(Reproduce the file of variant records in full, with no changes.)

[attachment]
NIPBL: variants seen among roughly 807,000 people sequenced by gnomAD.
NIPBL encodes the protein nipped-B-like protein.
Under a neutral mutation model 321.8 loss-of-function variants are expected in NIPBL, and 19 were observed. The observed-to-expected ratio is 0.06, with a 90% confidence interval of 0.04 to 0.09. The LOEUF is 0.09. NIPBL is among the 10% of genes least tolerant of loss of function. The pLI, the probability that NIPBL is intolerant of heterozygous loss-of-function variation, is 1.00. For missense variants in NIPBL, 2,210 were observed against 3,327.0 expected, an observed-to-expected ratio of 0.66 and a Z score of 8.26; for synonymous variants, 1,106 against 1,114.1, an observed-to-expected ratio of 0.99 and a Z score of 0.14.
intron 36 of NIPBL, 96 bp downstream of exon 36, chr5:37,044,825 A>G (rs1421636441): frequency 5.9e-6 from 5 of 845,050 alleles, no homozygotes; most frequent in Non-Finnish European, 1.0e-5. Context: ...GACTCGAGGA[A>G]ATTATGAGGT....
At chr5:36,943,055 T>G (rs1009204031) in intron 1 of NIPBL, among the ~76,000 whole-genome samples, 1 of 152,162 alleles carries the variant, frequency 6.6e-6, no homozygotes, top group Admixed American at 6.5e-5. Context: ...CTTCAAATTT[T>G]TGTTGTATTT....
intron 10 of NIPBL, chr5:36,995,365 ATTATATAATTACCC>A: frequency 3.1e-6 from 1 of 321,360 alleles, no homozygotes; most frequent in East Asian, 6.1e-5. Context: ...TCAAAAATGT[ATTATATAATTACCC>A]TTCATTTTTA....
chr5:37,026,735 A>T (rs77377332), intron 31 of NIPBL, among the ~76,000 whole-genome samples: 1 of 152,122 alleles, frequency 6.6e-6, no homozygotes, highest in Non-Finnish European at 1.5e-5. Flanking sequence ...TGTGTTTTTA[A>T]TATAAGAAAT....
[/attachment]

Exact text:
NIPBL: variants seen among roughly 807,000 people sequenced by gnomAD.
NIPBL encodes the protein nipped-B-like protein.
Under a neutral mutation model 321.8 loss-of-function variants are expected in NIPBL, and 19 were observed. The observed-to-expected ratio is 0.06, with a 90% confidence interval of 0.04 to 0.09. The LOEUF is 0.09. NIPBL is among the 10% of genes least tolerant of loss of function. The pLI, the probability that NIPBL is intolerant of heterozygous loss-of-function variation, is 1.00. For missense variants in NIPBL, 2,210 were observed against 3,327.0 expected, an observed-to-expected ratio of 0.66 and a Z score of 8.26; for synonymous variants, 1,106 against 1,114.1, an observed-to-expected ratio of 0.99 and a Z score of 0.14.
intron 36 of NIPBL, 96 bp downstream of exon 36, chr5:37,044,825 A>G (rs1421636441): frequency 5.9e-6 from 5 of 845,050 alleles, no homozygotes; most frequent in Non-Finnish European, 1.0e-5. Context: ...GACTCGAGGA[A>G]ATTATGAGGT....
At chr5:36,943,055 T>G (rs1009204031) in intron 1 of NIPBL, among the ~76,000 whole-genome samples, 1 of 152,162 alleles carries the variant, frequency 6.6e-6, no homozygotes, top group Admixed American at 6.5e-5. Context: ...CTTCAAATTT[T>G]TGTTGTATTT....
intron 10 of NIPBL, chr5:36,995,365 ATTATATAATTACCC>A: frequency 3.1e-6 from 1 of 321,360 alleles, no homozygotes; most frequent in East Asian, 6.1e-5. Context: ...TCAAAAATGT[ATTATATAATTACCC>A]TTCATTTTTA....
chr5:37,026,735 A>T (rs77377332), intron 31 of NIPBL, among the ~76,000 whole-genome samples: 1 of 152,122 alleles, frequency 6.6e-6, no homozygotes, highest in Non-Finnish European at 1.5e-5. Flanking sequence ...TGTGTTTTTA[A>T]TATAAGAAAT....